Grandfathered Plan Checklist of Implications for Group Health Plans

The reform law imposes a number of requirements on group health plans. Most of these will apply to group health plans whether or not they maintain grandfathered status, including:

  • Elimination of lifetime limits on essential benefits
  • Phase-out of annual limits on essential benefits by 2014
  • Extending eligibility for dependents up to age 26*
  • Elimination of pre-existing condition limitations for children under age 19
  • Elimination of all pre-existing condition limitations in 2014
  • Limitation of benefit waiting periods to no more than 90 days in 2014
  • Insurer rebates if minimum loss ratio standards not met (insured plans only)
  • Assessment of “Cadillac plan tax,” if applicable
  • Assessment of employer mandate charge, if applicable

However, some reform requirements will not apply to grandfathered group health plans so long as that status is maintained. These include requirements to:

  • Cover immunizations and certain preventive care without cost sharing
  • Allow member choice of participating primary care physicians and pediatricians**
  • Allow direct access (no referral) to OB/GYN services**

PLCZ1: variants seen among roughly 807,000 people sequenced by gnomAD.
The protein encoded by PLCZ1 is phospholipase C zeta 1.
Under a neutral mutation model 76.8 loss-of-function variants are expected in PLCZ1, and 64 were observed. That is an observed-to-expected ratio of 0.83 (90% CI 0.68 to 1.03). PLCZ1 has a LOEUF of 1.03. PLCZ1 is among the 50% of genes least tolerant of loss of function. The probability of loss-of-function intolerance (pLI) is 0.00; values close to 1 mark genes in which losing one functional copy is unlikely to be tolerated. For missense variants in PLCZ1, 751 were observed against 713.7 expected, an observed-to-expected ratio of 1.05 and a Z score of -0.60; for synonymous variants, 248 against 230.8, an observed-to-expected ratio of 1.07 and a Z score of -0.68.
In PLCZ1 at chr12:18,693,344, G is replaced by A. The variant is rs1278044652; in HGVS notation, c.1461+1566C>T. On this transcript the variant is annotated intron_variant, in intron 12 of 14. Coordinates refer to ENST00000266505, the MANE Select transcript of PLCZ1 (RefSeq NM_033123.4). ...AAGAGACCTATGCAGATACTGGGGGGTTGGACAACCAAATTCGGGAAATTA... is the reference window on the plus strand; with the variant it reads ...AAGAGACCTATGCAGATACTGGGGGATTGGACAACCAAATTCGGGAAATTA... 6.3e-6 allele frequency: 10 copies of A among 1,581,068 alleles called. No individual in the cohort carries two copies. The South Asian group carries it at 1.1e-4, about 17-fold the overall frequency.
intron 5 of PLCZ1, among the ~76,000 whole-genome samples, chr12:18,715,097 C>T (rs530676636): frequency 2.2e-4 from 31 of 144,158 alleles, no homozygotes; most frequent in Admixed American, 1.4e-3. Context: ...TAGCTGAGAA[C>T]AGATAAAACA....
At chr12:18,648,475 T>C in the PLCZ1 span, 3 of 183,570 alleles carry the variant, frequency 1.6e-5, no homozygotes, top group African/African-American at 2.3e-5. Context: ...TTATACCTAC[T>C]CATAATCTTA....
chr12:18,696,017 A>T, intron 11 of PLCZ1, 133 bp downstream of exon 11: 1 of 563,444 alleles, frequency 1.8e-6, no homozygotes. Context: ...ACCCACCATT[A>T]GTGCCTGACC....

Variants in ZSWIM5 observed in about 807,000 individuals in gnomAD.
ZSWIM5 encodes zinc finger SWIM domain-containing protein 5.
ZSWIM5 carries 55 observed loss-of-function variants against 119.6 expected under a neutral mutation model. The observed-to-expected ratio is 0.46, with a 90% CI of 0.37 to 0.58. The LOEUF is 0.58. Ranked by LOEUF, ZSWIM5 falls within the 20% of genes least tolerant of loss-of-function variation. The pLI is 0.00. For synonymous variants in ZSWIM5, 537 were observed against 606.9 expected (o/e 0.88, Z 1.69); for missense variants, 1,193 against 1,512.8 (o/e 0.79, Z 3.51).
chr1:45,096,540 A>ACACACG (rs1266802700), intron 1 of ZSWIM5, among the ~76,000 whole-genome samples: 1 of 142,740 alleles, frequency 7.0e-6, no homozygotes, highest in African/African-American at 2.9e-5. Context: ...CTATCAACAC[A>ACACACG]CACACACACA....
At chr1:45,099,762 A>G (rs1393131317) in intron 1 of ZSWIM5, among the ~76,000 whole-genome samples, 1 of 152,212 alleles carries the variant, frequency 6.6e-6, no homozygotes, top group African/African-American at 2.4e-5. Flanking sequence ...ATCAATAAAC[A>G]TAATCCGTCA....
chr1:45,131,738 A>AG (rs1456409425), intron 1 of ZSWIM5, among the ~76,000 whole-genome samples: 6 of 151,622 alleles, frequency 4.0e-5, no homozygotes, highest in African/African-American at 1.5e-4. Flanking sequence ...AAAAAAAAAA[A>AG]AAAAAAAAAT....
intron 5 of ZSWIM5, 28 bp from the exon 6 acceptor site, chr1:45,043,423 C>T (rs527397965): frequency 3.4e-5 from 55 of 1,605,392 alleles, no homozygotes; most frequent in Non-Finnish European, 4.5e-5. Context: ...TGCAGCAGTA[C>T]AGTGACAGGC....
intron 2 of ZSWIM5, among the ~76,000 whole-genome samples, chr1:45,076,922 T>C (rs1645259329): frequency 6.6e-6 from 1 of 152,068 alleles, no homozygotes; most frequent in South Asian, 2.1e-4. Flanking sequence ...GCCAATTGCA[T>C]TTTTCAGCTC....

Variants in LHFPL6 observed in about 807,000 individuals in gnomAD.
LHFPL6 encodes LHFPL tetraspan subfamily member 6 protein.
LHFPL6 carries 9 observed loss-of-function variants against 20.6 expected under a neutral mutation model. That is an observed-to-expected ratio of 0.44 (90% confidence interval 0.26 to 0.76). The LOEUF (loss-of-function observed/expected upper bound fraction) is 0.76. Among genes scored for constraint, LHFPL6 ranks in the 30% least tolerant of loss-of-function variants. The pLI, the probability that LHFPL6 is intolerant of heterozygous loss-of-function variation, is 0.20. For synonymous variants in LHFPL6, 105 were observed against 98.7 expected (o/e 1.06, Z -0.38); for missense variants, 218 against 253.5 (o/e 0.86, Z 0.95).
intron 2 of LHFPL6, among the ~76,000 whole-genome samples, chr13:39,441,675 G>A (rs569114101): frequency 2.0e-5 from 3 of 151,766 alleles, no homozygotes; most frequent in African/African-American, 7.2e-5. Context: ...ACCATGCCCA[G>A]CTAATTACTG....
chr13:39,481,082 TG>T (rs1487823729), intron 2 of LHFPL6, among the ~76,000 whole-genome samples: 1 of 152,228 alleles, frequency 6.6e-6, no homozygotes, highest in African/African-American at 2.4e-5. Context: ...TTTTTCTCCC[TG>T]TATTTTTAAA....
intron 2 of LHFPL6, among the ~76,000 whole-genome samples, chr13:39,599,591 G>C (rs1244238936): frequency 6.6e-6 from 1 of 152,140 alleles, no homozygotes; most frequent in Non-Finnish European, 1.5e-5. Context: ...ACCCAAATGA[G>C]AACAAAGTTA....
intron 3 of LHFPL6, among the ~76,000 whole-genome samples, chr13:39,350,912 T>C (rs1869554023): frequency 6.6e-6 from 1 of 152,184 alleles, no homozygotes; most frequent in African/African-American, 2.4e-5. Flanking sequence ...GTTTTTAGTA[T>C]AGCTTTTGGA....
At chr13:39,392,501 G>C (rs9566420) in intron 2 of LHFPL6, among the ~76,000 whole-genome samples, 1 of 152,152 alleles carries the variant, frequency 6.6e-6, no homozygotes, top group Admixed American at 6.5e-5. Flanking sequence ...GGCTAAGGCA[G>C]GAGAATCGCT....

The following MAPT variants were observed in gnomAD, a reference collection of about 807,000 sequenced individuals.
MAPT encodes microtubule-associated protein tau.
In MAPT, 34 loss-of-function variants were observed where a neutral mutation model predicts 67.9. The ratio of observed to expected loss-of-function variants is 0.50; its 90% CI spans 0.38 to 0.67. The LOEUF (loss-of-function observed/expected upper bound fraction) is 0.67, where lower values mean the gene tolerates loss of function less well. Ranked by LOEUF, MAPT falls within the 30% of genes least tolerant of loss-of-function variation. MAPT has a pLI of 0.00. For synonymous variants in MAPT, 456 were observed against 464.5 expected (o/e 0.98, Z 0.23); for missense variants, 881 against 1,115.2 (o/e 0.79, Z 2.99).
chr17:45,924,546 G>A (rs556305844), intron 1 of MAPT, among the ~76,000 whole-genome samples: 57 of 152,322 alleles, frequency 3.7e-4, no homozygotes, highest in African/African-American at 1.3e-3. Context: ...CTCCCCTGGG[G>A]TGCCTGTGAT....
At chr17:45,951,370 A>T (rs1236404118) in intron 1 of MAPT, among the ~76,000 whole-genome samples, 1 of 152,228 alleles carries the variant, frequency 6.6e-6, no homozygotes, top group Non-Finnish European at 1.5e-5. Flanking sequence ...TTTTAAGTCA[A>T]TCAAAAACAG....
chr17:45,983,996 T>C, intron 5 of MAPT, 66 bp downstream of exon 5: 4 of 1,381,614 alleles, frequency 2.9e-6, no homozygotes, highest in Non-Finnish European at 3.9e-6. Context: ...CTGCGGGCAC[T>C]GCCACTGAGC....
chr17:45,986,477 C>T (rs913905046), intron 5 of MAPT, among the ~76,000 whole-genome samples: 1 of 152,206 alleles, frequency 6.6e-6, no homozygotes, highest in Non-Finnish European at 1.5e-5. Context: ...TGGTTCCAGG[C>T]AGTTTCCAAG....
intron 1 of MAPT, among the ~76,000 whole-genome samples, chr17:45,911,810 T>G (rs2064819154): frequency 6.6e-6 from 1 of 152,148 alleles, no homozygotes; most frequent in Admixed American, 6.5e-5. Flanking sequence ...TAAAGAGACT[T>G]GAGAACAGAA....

• Cover emergency services without pre-authorization or increased cost sharing if out of network**
  • Provide internal and external review processes for certain denied claims**
  • Eliminate discrimination in favor of highly compensated individuals
  • Prohibit discrimination based on participation in a clinical trial
  • Apply certain federal rating limitations in 2014 for small group plans (state rating rules will still apply)
  • Provide essential benefits in the small group market in 2014
  • Abide by cost sharing and deductible limits in 2014

* Under PPACA, until 2014 grandfathered group health plans are not required to offer
coverage to dependents who are eligible for employer coverage.
** Most Aetna insured plans already provide these benefits. Current customers should review
their existing plan documents for additional information.

To learn more about grandfathering, access the following links posted on the Department of Labor’s Employee Benefits Security Administration website:
Interim Final RegulationTable on Applicability of Provisions to Grandfathered PlansModel disclosure language.

This summary is provided for informational purposes only. This summary should not be
construed as, or relied upon, as legal or any other advice. Employers should consult with their
own legal counsel for a comprehensive explanation of the rules and the proper application
of these rules to their particular situation.